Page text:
SLCL faculty start fall semester with promotions

Date
08/31/22

Several faculty members in the School of Literatures, Cultures & Linguistics started the fall semester with promotions.

They're part of a group of faculty members whose promotions were recently announced by the College of LAS. The Board of Trustees approved the changes.

“These promotions are milestone moments for everyone involved—the faculty members, their departments, and the College of LAS,” said Venetria K. Patton, the Harry E. Preble Dean of the College of LAS. “These professors earned this achievement through hard work, ingenuity, and a sense of service to their field and the university. The college is proud to help them enter a new stage of their careers.”

The promotions in SLCL are as follows:

To the rank of associate professor

Felisa Reynolds teaches in the Department of French & Italian and the program advisor for French studies. In her research, she analyzes the post-colonial era in Francophone literature, post-1960. In particular, she focuses on the ever-lasting impact of colonialism and how it is represented in literary and artistic productions. Her latest publication is The Author as Cannibal: Re-Writing in Francophone Literature as a Postcolonial Genre (1969-1995) (Forthcoming, University of Nebraska Press, 2021). She has two children, 14-year-old Lourdes and 3-year-old Santiago.

Roderick Wilson teaches in the Department of History and the Department of East Asian Languages & Cultures. His research focuses on the intersection of people and their local habitats in Tokugawa and modern Japan. He is the author of Turbulent Streams: An Environmental History of Japan's Rivers, 1600-1930 (Brill, 2021) and is currently working on a second book about the urban and environmental history of Tokyo. At the University of Illinois, he also teaches a variety of courses on Tokyo, Japan, East Asia, and global environmental history.

To the rank of teaching associate professor

Pilar Martinez Quiroga teaches in the Department of Spanish & Portuguese. She received the LAS Award for Excellence in Undergraduate Teaching by Instructional Staff in 2020-2021. Her research focuses on literary representations of communities of women from a multidisciplinary perspective that includes political, sociological, economic, philosophical, and anthropological issues, while paying special attention to instances of resistance, social change, and citizenship reflected in recent narratives written by Spanish women from a feminist and postcolonial perspective.

To the rank of senior lecturer 

Reynaldo Pagura teaches the theory and practice of Translation and Interpreting in the Program for Translation and Interpreting Studies, with a focus on community and conference interpreting.  A widely recognized expert in interpreting theory, he also has many years of experience in interpreter training and as a professional conference and court interpreter in English and Portuguese. His research focuses on second language assessment and the pedagogy of interpreting in multilingual contexts.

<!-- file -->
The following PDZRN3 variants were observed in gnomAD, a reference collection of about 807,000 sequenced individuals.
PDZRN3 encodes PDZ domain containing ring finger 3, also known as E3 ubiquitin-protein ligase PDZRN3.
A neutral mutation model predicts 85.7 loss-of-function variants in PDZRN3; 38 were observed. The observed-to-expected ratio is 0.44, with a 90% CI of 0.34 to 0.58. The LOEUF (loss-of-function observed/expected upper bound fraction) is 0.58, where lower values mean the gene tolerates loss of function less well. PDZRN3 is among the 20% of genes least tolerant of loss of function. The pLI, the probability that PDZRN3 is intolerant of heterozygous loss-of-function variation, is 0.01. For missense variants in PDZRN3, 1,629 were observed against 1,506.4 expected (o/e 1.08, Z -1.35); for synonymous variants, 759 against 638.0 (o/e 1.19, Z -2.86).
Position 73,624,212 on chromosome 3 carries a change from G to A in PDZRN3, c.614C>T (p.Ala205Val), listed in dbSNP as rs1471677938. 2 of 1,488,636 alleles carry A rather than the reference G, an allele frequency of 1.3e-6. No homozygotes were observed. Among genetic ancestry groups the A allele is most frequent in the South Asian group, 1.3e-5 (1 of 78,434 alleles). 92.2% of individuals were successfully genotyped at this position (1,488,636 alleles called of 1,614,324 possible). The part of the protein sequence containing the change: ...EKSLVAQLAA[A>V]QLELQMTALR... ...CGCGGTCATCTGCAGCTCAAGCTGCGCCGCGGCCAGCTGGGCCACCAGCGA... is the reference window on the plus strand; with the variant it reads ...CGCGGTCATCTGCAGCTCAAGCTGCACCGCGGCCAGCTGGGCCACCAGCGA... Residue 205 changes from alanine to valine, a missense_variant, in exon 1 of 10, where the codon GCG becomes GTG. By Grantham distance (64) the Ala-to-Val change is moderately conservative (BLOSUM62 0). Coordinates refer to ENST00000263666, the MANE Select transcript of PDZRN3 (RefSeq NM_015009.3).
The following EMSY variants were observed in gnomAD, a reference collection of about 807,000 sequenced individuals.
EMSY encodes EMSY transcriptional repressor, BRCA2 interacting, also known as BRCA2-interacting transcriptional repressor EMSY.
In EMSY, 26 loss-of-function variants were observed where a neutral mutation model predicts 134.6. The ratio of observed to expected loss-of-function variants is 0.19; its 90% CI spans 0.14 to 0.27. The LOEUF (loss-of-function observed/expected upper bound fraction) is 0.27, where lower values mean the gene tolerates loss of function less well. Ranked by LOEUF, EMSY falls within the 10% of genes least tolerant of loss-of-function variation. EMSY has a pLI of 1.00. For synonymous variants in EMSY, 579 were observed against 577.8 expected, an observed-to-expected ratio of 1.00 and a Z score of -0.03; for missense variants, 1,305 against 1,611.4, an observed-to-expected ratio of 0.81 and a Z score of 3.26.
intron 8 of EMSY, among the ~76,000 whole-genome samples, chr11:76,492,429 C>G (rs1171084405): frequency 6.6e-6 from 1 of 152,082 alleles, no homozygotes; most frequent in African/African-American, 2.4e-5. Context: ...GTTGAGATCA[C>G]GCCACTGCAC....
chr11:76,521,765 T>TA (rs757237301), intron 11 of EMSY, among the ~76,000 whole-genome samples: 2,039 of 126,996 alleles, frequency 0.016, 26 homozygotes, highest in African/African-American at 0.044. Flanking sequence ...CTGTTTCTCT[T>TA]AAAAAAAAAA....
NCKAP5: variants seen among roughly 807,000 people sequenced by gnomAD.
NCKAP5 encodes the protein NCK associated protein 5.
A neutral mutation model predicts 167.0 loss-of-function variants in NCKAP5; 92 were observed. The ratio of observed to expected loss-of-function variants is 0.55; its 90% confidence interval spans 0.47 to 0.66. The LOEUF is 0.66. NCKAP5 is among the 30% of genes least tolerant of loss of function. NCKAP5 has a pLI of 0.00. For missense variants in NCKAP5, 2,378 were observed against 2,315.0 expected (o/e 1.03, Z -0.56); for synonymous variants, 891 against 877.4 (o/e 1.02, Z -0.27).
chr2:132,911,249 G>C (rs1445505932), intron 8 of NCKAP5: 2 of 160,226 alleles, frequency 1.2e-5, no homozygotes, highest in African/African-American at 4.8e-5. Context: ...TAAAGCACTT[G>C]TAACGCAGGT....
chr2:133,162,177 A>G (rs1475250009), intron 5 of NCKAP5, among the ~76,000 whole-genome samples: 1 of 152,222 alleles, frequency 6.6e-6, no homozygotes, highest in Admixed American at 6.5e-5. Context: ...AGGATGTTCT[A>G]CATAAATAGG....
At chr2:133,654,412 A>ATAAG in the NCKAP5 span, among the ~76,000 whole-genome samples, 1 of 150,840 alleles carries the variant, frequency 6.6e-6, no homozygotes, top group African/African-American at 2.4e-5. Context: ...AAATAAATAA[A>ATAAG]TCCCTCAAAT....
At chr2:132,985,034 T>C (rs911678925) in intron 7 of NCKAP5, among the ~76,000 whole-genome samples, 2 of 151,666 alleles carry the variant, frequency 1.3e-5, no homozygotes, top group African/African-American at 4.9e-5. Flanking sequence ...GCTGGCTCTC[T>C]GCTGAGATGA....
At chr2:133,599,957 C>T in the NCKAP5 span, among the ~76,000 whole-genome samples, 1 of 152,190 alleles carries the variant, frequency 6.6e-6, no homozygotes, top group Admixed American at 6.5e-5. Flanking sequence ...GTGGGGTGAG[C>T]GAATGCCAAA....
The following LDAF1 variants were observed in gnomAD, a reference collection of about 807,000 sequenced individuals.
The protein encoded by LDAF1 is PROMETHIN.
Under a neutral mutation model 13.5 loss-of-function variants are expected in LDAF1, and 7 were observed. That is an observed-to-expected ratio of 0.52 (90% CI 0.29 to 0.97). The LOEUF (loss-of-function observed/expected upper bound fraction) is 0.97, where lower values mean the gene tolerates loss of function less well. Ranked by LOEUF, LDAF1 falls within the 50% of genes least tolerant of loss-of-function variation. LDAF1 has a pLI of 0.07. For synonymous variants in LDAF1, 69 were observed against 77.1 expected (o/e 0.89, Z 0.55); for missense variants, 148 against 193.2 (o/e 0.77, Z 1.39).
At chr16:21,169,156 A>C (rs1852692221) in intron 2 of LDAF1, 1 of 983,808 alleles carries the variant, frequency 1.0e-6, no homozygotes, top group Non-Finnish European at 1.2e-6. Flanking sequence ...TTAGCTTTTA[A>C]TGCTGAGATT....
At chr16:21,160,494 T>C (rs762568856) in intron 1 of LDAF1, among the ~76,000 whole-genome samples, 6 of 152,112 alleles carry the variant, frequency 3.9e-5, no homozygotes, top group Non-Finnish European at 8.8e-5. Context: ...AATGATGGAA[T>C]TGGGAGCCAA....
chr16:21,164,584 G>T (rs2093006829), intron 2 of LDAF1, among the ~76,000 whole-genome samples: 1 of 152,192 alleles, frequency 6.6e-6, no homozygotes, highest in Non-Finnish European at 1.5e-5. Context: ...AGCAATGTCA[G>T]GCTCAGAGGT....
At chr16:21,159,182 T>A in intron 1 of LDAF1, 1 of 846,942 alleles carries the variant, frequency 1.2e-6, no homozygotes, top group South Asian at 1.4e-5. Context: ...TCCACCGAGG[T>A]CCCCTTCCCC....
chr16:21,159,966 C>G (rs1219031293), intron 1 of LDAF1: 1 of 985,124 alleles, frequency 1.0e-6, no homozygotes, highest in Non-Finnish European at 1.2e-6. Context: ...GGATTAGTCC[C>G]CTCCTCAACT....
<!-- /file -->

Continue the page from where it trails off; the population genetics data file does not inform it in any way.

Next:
To the rank of senior instructor 

Raquel Castro Goebel teaches in the Department of Spanish & Portuguese and the director of the Portuguese language program. She is a lawyer in her native Brazil, but in the United States she found her passion for teaching her language and culture to others. For the past ten years, she has been delivering programs that provide students with the foreign language skills and cross-cultural awareness they need to live and work abroad and communicate effectively. Goebel is praised for her willingness to learn new things, making her an enthusiastic and caring instructor who fosters a dynamic class environment.

To the rank of assistant professor 

Anna Torres-Cacoullos teaches in the Department of Spanish & Portuguese. Her research interests are interdisciplinary and span a broad range of topics in literature, film, and philosophy of the late 19th to early 21st centuries. Although her current research spotlights practices of experimental film writing in Spain in the early twentieth century, including literary-cinematographic scripts and novelized film plots, her work has also considered questions of gender, philosophy, and race in contemporary literary and filmic productions within Spain. Her interdisciplinary approach to research has led her to develop teaching strategies that promote historical, cultural, and artistic connections. 

Dania De La Hoya Rojas and College of LAS 

Editor's note: A version of this story first appeared on the College of LAS website.